I was inspired to share these photographs with you, my dear readers. As you are no doubt aware, Goat Islands in the Portland Bight Protected Area remains threatened by a mega-port, which the Jamaican Government wants China Harbour Engineering Company (CHEC) to build in this beautiful area on Jamaica’s south coast, consisting of pristine mangroves (and yes, I have seen them for myself), fish sanctuaries, dry limestone forest and other increasingly rare and important wildlife habitats). For more about Goat Islands, and to join the campaign against the destruction of this area, go to savegoatislands.org and visit the websites of the Jamaica Environment Trust and the Caribbean Coastal Area Management Foundation (C-CAM).
The always casually dismissive Transport and Works Omar Davies thinks that environmentalists, academics, scientists and researchers are making a fuss about nothing. In Parliament, he offhandedly called one of the most endangered reptiles in the world (restricted to a small area of the Hellshire Hills) and Jamaica’s largest native land animal…“two likkle lizard.” Remember the Jamaican iguana was considered extinct until 1990, when it was rediscovered.
Well, Minister Davies should know that a group of dedicated local and overseas scientists, the Jamaica Iguana Recovery Group (JIRG), has been working hard (for many years) to preserve the habitat in which the animal lives, which is threatened by charcoal burners and other destroyers of trees; to keep predators (local domestic animals) at bay; locating and monitoring nesting sites; building the genetic material of the iguanas; protecting hatchlings and transferring them to the Hope Zoo, where a breeding program is ongoing. This is painstaking, continuous hard work, not to be dismissed with a wave of the hand by a politician who is eager for a big project.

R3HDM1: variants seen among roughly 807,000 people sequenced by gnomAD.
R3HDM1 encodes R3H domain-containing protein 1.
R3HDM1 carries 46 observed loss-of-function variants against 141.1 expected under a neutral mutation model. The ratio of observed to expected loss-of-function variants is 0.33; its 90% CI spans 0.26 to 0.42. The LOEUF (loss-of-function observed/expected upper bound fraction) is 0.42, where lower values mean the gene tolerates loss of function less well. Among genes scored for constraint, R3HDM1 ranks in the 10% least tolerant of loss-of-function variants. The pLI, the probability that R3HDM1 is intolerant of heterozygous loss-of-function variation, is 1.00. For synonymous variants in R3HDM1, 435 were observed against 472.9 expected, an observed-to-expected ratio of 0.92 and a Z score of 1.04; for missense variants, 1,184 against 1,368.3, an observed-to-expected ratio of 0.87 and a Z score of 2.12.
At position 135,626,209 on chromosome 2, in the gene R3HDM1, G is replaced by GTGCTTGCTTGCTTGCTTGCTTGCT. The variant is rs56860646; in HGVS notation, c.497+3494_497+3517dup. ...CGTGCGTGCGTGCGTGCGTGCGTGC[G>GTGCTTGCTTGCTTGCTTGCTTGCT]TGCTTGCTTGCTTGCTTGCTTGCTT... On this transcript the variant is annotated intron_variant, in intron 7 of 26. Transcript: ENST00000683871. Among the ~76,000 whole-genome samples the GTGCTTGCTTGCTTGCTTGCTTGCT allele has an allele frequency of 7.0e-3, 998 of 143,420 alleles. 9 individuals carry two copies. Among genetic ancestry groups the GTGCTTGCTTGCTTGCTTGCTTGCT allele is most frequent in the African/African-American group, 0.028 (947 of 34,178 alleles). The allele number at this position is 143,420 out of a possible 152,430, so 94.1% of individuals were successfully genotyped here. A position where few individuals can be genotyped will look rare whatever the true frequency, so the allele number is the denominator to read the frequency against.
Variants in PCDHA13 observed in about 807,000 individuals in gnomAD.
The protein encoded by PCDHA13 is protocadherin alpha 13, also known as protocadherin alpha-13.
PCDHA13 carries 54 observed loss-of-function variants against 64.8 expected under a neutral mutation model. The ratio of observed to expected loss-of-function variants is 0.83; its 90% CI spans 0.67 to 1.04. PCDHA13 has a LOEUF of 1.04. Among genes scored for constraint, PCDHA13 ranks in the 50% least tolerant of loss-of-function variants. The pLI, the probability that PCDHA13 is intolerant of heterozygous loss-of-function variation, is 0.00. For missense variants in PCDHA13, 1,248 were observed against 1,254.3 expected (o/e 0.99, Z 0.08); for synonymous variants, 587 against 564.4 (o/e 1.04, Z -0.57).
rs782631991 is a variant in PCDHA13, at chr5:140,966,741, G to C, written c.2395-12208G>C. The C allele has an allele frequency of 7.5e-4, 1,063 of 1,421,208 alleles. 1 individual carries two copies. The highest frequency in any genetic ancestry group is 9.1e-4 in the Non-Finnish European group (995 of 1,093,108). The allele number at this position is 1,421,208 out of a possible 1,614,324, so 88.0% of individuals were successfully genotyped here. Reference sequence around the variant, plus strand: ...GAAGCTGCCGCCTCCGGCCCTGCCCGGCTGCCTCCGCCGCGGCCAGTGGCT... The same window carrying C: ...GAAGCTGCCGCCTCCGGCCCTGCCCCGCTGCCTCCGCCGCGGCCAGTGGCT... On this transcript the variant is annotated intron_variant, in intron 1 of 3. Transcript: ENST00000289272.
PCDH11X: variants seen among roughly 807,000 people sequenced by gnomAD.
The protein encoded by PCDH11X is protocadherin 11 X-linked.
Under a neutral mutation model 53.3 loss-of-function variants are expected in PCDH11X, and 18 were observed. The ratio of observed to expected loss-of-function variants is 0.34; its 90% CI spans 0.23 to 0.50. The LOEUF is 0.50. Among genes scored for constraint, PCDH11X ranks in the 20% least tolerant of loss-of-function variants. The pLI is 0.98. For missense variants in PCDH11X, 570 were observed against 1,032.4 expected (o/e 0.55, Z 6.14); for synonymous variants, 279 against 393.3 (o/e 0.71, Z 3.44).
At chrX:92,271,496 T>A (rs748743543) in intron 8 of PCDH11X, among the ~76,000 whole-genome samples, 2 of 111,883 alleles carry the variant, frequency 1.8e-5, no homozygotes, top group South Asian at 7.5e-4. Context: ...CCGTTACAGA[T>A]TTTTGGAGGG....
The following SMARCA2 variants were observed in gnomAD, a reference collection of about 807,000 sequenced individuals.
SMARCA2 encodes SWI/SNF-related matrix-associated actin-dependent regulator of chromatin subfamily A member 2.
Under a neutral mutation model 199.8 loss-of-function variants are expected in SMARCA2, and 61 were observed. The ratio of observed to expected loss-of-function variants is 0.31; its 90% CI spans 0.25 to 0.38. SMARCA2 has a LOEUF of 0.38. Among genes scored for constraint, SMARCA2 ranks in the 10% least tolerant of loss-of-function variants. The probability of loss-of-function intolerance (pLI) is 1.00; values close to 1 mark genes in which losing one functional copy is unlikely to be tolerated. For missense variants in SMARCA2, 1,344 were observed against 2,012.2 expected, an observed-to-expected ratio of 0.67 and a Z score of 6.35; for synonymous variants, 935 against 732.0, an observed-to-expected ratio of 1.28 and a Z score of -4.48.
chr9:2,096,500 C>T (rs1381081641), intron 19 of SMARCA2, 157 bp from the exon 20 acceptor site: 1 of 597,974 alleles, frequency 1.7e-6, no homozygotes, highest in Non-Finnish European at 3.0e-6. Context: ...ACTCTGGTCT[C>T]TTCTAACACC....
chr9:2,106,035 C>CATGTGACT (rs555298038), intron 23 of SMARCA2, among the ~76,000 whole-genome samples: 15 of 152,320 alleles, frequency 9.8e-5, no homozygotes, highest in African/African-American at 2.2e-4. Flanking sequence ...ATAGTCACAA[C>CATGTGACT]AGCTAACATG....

Today, the International Iguana Foundation, a member of the JIRG, tweeted a wonderful photograph from field work they did today. Local Field Technician with JIRG, Kenroy (“Booms“) Williams, returned a Jamaican Iguana into the wild that he had captured and studied. The Foundation noted, “255 JamRock Iguanas released to date. Hope Zoo rears them until they can survive mongoose! Without this work = extinction.” Thank you, all! I am sharing with you some photos shared on social media from this afternoon’s activities..
C-CAM’s notes the Jamaican Iguana “was classified by the International Union for the Conservation of Nature (IUCN) as critically endangered and was ranked among the world’s 100 most endangered species in 2012.” In other countries, such as the nearby Cayman Islands, the native iguana is considered a visitor attraction and its image appears on tourism posters, etc. Now in Jamaica, Goat Islands could serve as a safe, very peaceful breeding space for the iguanas (it is the same tropical dry forest, which the IUCN describes as “one of the most endangered ecosystems.” But our government officials don’t seem to have heard of the term “eco-tourism.” The whole area could have a natural yoga retreat, non-motorized activists like kayaking, and so much more. Yes, sustainable development!
The Jamaican Iguana is much more than a “likkle lizard,” Minister Davies. If you had any respect for the work of scientists, and for the cultural and natural heritage of our island – the birthright of future generations of Jamaicans – you would know that, and understand.
Let’s start to respect our heritage. Before it is all gone, and we are left with nothing but concrete.
Then we will be poorer, Minister Davies. Not richer.